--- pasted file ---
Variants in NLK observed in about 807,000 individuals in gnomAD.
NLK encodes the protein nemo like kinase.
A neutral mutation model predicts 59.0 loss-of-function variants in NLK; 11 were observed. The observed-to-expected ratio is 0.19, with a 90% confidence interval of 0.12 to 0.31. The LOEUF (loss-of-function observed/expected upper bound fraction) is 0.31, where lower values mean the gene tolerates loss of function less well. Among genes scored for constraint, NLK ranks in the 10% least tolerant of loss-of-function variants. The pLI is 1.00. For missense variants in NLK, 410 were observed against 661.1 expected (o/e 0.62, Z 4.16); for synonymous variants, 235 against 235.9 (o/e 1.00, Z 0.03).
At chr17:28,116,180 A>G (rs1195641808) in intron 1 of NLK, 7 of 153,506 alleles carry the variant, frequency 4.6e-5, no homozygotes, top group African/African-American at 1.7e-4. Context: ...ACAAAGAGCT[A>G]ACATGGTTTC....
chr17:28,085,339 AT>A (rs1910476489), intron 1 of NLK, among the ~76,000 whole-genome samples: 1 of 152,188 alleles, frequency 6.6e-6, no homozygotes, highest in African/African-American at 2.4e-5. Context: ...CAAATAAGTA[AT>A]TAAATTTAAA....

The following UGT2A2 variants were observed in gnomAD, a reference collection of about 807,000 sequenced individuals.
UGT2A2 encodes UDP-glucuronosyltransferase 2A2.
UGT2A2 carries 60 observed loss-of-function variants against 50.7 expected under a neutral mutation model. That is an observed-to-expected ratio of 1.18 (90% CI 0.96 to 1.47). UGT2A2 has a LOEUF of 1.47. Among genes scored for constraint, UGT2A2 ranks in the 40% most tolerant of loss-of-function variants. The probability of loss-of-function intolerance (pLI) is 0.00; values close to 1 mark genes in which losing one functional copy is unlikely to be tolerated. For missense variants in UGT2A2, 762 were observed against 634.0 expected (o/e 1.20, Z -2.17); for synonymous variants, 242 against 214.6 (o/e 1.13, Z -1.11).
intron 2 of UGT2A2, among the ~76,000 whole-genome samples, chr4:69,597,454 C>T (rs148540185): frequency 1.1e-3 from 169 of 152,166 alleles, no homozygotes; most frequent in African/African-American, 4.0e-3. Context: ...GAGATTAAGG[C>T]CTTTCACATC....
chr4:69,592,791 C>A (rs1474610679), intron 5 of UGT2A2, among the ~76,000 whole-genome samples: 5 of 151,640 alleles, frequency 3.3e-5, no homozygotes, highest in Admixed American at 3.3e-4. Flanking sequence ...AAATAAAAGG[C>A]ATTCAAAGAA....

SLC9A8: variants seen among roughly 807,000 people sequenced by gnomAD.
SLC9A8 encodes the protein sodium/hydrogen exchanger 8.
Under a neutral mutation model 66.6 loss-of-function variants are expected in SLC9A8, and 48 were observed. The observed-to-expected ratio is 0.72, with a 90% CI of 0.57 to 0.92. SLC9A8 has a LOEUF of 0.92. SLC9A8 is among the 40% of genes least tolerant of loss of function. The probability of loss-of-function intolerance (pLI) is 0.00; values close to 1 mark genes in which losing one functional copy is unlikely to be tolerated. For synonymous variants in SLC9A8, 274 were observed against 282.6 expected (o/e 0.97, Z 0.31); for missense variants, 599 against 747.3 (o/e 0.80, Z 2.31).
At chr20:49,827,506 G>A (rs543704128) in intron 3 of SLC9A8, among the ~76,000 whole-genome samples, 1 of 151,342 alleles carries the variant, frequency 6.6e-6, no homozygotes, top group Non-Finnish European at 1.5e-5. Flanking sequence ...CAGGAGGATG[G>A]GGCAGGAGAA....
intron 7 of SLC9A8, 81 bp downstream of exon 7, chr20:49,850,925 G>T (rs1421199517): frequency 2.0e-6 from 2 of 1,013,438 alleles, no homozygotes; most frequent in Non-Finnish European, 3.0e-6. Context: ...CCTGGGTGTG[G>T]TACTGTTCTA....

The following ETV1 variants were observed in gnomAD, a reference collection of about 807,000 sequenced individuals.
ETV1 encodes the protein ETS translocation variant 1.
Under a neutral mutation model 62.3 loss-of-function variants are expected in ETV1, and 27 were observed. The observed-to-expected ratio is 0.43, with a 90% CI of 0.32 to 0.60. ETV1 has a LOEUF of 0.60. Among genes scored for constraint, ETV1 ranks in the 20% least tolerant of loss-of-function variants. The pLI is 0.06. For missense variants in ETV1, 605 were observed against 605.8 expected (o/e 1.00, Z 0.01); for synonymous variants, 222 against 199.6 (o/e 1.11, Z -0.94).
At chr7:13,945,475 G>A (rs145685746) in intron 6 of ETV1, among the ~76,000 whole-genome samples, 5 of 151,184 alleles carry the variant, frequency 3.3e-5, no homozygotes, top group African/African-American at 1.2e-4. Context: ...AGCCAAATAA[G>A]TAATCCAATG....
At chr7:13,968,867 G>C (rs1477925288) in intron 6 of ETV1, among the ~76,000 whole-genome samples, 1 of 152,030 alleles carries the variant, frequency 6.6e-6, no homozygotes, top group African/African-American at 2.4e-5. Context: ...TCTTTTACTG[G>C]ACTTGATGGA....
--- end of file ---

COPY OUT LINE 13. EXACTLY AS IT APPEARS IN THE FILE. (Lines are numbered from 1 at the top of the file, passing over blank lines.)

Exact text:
Under a neutral mutation model 66.6 loss-of-function variants are expected in SLC9A8, and 48 were observed. The observed-to-expected ratio is 0.72, with a 90% CI of 0.57 to 0.92. SLC9A8 has a LOEUF of 0.92. SLC9A8 is among the 40% of genes least tolerant of loss of function. The probability of loss-of-function intolerance (pLI) is 0.00; values close to 1 mark genes in which losing one functional copy is unlikely to be tolerated. For synonymous variants in SLC9A8, 274 were observed against 282.6 expected (o/e 0.97, Z 0.31); for missense variants, 599 against 747.3 (o/e 0.80, Z 2.31).